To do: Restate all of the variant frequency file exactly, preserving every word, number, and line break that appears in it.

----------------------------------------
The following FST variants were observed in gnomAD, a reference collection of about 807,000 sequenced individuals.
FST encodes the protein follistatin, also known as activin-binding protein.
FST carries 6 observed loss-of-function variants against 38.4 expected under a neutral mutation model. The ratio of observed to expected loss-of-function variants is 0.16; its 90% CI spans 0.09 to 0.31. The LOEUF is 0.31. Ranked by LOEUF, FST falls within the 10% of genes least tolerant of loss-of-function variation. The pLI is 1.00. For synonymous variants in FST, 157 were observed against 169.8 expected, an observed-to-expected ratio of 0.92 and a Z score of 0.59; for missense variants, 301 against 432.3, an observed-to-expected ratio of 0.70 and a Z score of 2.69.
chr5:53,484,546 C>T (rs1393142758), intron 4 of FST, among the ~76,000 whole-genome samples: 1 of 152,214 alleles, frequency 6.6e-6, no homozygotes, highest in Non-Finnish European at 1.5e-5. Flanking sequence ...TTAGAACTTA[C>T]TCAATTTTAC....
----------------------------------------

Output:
The following FST variants were observed in gnomAD, a reference collection of about 807,000 sequenced individuals.
FST encodes the protein follistatin, also known as activin-binding protein.
FST carries 6 observed loss-of-function variants against 38.4 expected under a neutral mutation model. The ratio of observed to expected loss-of-function variants is 0.16; its 90% CI spans 0.09 to 0.31. The LOEUF is 0.31. Ranked by LOEUF, FST falls within the 10% of genes least tolerant of loss-of-function variation. The pLI is 1.00. For synonymous variants in FST, 157 were observed against 169.8 expected, an observed-to-expected ratio of 0.92 and a Z score of 0.59; for missense variants, 301 against 432.3, an observed-to-expected ratio of 0.70 and a Z score of 2.69.
chr5:53,484,546 C>T (rs1393142758), intron 4 of FST, among the ~76,000 whole-genome samples: 1 of 152,214 alleles, frequency 6.6e-6, no homozygotes, highest in Non-Finnish European at 1.5e-5. Flanking sequence ...TTAGAACTTA[C>T]TCAATTTTAC....